For conspiracy theorists, Lord Lucan: My Husband, The Truth (ITV) might have been a disappointment
Of course, the truth often is. Candid and lengthy though the interview with 79 year-old Lady Lucan was, it entertained few doubts – in fact, it barely mentioned them. The sightings of the missing Earl in Africa, the rumours about hitmen and the stories about Lucan’s children visiting their father in hiding received no airtime.
They are probably all hogwash in any case but that wasn’t why they were not mentioned. To those interested in the story, Lady Lucan is a conundrum. She lives in a mews house close to where, as far as official verdicts go, her estranged husband murdered his children’s nanny and violently attacked his wife one November night in 1974.
She is often described as reclusive but that might just mean she doesn’t talk to the media. She also has no contact with her three children, having struggled to look after them in the wake of what happened.
If she did not discuss the possibility of her children having had contact with Lucan after his disappearance, or of his “friends” having hidden and bankrolled him, it was because she would not have known if they were true anyway. Last night recalled the inquest in 1975, where Lady Lucan had testified clearly and precisely in a cut-off, detached fashion.
When she was asked back then why her skull had not fractured if Lord Lucan had allegedly struck it several times with a cosh, she replied: “Good breeding”.
She seemed the same woman now, describing sad, lonely and often awful events as if they had happened to someone else. She was adamant her husband had committed suicide soon after his disappearance and when the interviewer reminded her she had said something different in 1982, she was only slightly surprised.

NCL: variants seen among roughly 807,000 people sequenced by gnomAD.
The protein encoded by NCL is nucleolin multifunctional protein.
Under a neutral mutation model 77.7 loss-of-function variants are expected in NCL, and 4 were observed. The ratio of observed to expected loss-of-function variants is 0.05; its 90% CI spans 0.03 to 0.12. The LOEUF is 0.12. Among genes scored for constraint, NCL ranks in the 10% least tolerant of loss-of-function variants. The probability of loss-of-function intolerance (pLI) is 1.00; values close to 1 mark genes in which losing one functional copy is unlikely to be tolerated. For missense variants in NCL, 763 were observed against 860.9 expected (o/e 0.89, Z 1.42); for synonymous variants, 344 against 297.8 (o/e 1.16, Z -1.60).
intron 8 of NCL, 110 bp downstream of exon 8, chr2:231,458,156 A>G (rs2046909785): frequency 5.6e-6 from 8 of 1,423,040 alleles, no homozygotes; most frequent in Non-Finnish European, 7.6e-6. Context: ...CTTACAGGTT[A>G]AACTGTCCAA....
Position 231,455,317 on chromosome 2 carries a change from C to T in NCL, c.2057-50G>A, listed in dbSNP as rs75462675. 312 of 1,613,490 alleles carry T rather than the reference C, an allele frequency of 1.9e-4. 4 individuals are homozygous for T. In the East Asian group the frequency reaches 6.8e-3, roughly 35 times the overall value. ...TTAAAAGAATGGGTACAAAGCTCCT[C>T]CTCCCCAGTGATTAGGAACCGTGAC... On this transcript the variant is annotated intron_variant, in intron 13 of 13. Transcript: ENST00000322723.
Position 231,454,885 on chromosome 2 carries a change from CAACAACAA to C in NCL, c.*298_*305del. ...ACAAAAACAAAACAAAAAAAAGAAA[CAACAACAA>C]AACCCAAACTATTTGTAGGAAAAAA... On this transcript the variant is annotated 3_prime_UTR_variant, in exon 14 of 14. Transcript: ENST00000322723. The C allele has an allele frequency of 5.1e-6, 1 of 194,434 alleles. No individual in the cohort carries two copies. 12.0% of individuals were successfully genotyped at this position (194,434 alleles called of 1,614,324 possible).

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The whole interview was an eerie encounter but also, at times, surprisingly warm. Lady Lucan almost chuckled when asked how the Earl had compared to her other lovers and though she also spoke of beatings and concerted attempts to ruin her sanity, at times she seemed to pity the man she had married.
Some of his friends had not been friends, she thought, just exploiters. Somewhat theatrically, at another point, she repeated the interviewer’s question. “Cold?
All my relationships are cold.” So too is the trail of the missing Earl but as this programme proved, that has never been the real mystery. Food Unwrapped Summer Diet Special (C4) sent Kate Quilton to health-crazed Los Angeles, where you can buy a drink containing more than a trillion health-promoting bacteria for $25.
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The drink’s name, Outrage, suggests they have a certain sense of humour about it, although the vox pop interviews with health store customers were deadly, earnest and off-the-wall.
“You eat the rainbow and you are the rainbow,” whispered one lady, forgetting that due to the way digestion works, after eating rainbows and being them, there comes an inevitable third stage.
As the programme explained, this is the issue with many costly bacteria drinks. You might as well not bother. “Do you have cryotherapy in England, where you freeze your body in a pod for two minutes?” asked another lady. Why bother with that when you have got British summertime?